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Erik Flatmo

The Revolution Will Not Be Compromised

George Heymont | Posted 04.03.2016 | Arts
George Heymont

In his recent Op-Ed piece for The New York Times, A.O. Scott explained why "Everybody's a Critic. And That's How It Should Be." Unfortunately, not all analyses of critical thinking as an art form and means of public engagement are as elegantly constructed as Scott's essay.

Is This for Real?

George Heymont | Posted 01.25.2016 | Arts
George Heymont

Not only is storytelling a genuine art form, it's a lot harder than one might think. It requires skill with vocabulary, phrasing and a deep appreciation of the musicality of one's language. It requires a sense of drama, of make believe and, above all else, a deeply personal kind of buy-in from one's audience.

You've Got Me Under Your Spell

George Heymont | Posted 05.24.2016 | Arts
George Heymont

Two productions new to San Francisco had that special aura about them: a piece of dance theater that attempted to retell a drama written by Sophocles in approximately 441 BC, and a contemporary drama which brilliantly demonstrated what happens when superb writing, directing, and acting combine to elevate a script into a miraculously poignant and deeply fulfilling event.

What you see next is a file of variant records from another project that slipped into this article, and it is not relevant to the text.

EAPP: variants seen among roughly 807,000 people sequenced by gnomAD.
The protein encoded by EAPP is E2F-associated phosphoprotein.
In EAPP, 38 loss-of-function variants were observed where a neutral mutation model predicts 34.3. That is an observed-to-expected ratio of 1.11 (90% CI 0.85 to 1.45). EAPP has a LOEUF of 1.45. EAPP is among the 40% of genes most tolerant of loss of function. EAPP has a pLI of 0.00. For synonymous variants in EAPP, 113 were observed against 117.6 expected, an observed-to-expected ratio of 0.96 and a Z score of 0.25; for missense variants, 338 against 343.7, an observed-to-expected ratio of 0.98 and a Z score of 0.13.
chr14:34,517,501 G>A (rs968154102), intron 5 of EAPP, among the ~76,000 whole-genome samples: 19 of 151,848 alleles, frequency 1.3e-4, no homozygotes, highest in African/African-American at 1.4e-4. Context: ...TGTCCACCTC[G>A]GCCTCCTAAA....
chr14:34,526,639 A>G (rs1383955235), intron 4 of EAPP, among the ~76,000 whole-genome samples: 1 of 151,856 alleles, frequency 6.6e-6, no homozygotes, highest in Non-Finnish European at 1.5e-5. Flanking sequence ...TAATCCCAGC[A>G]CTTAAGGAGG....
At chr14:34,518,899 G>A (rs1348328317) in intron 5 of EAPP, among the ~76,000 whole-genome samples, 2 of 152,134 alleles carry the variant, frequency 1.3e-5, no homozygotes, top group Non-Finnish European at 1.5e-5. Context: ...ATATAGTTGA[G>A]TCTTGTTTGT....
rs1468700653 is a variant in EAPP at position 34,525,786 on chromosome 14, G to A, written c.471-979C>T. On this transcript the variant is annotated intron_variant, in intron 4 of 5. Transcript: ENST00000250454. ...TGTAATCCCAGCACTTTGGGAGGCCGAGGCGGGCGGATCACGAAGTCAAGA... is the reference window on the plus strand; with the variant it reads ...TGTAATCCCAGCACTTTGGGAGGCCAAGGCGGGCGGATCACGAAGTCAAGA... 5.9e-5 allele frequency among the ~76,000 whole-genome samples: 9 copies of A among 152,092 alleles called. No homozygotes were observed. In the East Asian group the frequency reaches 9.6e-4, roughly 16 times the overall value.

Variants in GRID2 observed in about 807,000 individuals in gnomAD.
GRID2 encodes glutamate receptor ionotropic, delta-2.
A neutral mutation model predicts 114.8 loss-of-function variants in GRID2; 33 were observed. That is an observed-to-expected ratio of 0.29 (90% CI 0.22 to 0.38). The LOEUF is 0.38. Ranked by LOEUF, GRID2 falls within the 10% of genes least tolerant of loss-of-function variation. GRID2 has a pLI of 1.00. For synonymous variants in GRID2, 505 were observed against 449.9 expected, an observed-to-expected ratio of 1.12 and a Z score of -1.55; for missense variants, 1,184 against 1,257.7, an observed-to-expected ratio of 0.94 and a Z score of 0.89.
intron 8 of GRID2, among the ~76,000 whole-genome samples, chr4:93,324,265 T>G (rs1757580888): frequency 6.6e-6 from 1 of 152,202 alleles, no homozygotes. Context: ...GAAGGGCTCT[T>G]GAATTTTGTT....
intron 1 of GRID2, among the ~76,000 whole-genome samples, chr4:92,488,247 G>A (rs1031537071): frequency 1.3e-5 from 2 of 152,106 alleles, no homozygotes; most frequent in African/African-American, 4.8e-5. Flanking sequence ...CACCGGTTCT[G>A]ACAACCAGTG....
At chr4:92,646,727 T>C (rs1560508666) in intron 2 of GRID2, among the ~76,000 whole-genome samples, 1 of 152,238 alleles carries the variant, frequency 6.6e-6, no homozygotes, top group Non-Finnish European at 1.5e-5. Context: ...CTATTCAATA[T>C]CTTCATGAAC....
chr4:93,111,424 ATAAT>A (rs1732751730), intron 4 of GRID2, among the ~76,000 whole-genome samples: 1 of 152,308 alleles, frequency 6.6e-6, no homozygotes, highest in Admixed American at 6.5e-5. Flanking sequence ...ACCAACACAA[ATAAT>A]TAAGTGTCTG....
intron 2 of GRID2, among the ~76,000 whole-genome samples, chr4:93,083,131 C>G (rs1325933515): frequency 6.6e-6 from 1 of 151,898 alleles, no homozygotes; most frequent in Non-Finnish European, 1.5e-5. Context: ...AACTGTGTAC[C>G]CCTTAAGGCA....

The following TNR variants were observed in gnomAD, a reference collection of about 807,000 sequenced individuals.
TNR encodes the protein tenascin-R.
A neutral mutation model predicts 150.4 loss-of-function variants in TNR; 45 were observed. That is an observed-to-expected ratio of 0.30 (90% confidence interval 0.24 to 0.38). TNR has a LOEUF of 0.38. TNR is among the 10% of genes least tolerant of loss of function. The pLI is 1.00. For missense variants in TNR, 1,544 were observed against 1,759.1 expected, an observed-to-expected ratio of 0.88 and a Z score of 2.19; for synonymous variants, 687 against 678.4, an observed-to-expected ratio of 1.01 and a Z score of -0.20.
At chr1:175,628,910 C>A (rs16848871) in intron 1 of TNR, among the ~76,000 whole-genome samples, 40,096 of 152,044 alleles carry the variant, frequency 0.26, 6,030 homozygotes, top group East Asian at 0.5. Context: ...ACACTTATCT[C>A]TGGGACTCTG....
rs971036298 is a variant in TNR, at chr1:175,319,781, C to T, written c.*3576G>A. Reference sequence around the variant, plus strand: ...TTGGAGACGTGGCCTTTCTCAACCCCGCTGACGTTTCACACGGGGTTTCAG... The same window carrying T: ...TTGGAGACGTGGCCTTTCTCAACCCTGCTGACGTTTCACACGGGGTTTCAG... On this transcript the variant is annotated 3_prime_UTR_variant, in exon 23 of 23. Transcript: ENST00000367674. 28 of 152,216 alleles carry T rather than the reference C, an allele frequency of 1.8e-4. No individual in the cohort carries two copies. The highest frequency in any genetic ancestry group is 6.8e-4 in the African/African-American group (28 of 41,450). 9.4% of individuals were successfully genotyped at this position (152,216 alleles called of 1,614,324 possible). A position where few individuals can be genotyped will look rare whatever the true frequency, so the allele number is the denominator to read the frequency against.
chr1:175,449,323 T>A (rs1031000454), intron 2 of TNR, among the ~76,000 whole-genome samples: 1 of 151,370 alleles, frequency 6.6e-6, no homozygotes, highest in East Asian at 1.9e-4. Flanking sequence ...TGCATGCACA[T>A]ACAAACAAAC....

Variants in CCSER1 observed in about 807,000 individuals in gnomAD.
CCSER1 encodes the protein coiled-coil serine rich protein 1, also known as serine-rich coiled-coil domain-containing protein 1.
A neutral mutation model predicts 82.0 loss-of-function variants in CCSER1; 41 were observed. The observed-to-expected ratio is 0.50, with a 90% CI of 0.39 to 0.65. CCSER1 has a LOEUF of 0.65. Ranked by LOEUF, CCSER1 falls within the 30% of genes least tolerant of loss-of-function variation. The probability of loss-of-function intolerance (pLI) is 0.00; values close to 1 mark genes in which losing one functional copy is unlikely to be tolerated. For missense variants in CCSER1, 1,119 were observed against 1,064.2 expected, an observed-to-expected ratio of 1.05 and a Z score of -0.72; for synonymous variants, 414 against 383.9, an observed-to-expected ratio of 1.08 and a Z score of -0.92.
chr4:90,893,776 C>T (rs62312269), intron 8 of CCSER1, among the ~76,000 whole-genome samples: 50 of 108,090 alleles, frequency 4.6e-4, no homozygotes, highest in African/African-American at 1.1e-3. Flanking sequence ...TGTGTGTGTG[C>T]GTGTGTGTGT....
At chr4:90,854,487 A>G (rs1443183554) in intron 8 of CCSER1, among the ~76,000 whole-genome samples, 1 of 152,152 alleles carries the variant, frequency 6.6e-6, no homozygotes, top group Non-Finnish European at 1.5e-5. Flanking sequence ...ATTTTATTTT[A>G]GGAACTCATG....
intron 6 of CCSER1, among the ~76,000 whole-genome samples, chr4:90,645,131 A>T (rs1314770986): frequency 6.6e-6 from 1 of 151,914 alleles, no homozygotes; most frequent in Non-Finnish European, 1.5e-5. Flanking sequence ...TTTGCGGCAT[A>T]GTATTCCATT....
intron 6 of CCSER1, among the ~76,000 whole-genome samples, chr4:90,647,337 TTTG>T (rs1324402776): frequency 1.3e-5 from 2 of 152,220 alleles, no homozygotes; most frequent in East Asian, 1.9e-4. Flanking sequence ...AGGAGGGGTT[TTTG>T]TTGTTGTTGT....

Despicable You

George Heymont | Posted 02.17.2015 | Arts
George Heymont

There's something about religious hypocrisy that is jaw-droppingly timeless in its newsworthiness. Among the news items to hit the fan in recent month...

Theatre of the Seriously Disturbed

George Heymont | Posted 02.06.2015 | Arts
George Heymont

Why are some theatres like salad bars? The answer is simpler than you might expect. If you attend a production whose set is in full view as the audience enters the theatre, all kinds of possibilities come to mind before the performance actually begins.

Searching for the Missing LInk

George Heymont | Posted 01.20.2015 | Arts
George Heymont

Those who live in a reality-based world understand that life's challenges tend to be more complex in nature.

When Professional Worlds Collide

George Heymont | Posted 04.10.2012 | Arts
George Heymont

There is a point where a passion for one's work crosses over into workaholism. Much like someone with a substance abuse problem, the drive to get another "creative high" can keep an artist chasing after professional rewards while neglecting his personal relationships.